• Monopoly Investigation of Apple Widens: Report

    The US Department of Justice's probe into Apple's business practices is expanding beyond how the company deals with record companies, according to a report in the New York Post picked up by Boy Genius Report today. Several sources quoted by the NYC tabloid claim that the Justice Department has contacted other big media and technology companies to ask about Apple's way of doing business. The probe marks an ironic twist to Apple's success story, where after years of being a marginalized outsider the company now stands accused of similar monopolistic practices it often decried in competitors like Microsoft and IBM.

    The Department of Justice was known to have begun an investigation into how Apple deals with music labels around iTunes. In particular, one complaint that the company was pressuring labels not to participate in Amazon's "MP3 Daily Deal," a promotion in which Amazon got exclusive access to new tracks, had come under intense scrutiny. The new report indicates, however, that the DoJ is looking to many more of Apple's business partners, including film studios. "The [Justice Dept.] is doing outreach," one Hollywood industry source contacted by the Post claims, adding that Apple "can't dictate terms to the [film] industry." Referring to controversies following Apple's rejection of Flash on its mobile devices, the source said that the "Adobe thing is just inviting the wrath of everybody."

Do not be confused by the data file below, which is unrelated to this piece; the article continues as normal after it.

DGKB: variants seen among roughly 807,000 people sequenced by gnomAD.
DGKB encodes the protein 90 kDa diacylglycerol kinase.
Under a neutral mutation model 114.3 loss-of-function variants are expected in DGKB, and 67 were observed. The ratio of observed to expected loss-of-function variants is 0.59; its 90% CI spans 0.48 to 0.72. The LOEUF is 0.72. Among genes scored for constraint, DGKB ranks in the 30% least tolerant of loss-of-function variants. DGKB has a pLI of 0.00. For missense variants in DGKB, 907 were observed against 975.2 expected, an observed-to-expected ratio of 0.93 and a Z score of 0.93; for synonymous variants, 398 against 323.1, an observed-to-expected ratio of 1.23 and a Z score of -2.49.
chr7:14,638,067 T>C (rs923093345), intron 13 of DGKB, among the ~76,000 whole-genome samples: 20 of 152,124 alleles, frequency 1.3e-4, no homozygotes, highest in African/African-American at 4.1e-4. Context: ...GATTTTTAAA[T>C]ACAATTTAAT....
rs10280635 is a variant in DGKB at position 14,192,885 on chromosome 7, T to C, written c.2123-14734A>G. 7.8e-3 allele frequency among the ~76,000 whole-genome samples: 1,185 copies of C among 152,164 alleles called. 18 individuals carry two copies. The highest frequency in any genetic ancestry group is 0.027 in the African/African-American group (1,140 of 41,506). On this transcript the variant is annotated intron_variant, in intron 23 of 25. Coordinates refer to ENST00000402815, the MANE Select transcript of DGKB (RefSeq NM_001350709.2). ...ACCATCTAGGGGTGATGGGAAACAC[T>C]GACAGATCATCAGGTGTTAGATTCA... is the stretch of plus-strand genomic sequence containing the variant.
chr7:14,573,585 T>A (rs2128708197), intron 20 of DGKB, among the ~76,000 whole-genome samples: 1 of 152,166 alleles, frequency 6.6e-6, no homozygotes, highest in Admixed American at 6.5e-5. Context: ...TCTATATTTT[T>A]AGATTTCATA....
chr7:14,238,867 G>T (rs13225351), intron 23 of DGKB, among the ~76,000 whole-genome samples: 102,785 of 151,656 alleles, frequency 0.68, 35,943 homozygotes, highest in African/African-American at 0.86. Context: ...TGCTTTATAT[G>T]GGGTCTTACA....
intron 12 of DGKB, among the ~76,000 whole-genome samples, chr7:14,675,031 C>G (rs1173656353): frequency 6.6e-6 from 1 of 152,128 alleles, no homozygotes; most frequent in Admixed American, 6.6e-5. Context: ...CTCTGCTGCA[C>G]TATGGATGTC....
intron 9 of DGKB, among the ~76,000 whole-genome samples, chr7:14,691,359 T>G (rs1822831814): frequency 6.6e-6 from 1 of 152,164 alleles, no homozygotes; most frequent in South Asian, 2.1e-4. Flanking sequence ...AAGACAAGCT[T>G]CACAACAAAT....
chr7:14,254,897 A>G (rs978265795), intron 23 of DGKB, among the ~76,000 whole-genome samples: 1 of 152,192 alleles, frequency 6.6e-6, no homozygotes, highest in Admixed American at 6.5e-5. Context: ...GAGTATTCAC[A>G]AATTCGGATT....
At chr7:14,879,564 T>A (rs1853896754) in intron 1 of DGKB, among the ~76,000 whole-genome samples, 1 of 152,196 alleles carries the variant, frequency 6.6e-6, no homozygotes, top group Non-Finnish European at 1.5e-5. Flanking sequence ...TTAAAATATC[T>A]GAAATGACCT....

What the Post called a "senior source at a media company" had a pointed warning for Steve Jobs: "If Apple thinks it's going to increase its monopoly with the iPad, it should look at the history of other walled gardens." The term "walled garden" has often been used to describe the unjailbroken iPhone OS platform, where Apple controls access to what apps and services are available on the device. It's unclear what the unnamed source was referring to specifically, but one example of such a "walled garden" would be America Online, which allowed access to certain internet services in the US through a proprietary portal. Though the service was an early introduction for many non-technical users to the Internet, and grew through the 90s to a userbase of over 25 million subscribers, but plummeted as low-cost access to the internet and a wide array of offerings on the Web spread.

    Apple's rapid growth - the company now surpasses Microsoft in market capitalization - combined with its often "my-way-or-the-highway" partnership negotiation style pretty much guaranteed that they would face challenges. As the government learned when it took on Microsoft over ten years ago, though, finishing an anti-trust case is fraught with difficulty. Expect years of negotiations, lawsuits and counter-lawsuits, followed by a settlement that satisfies nobody and Apple being overshadowed by whatever new technology innovators emerge in the 2020s.
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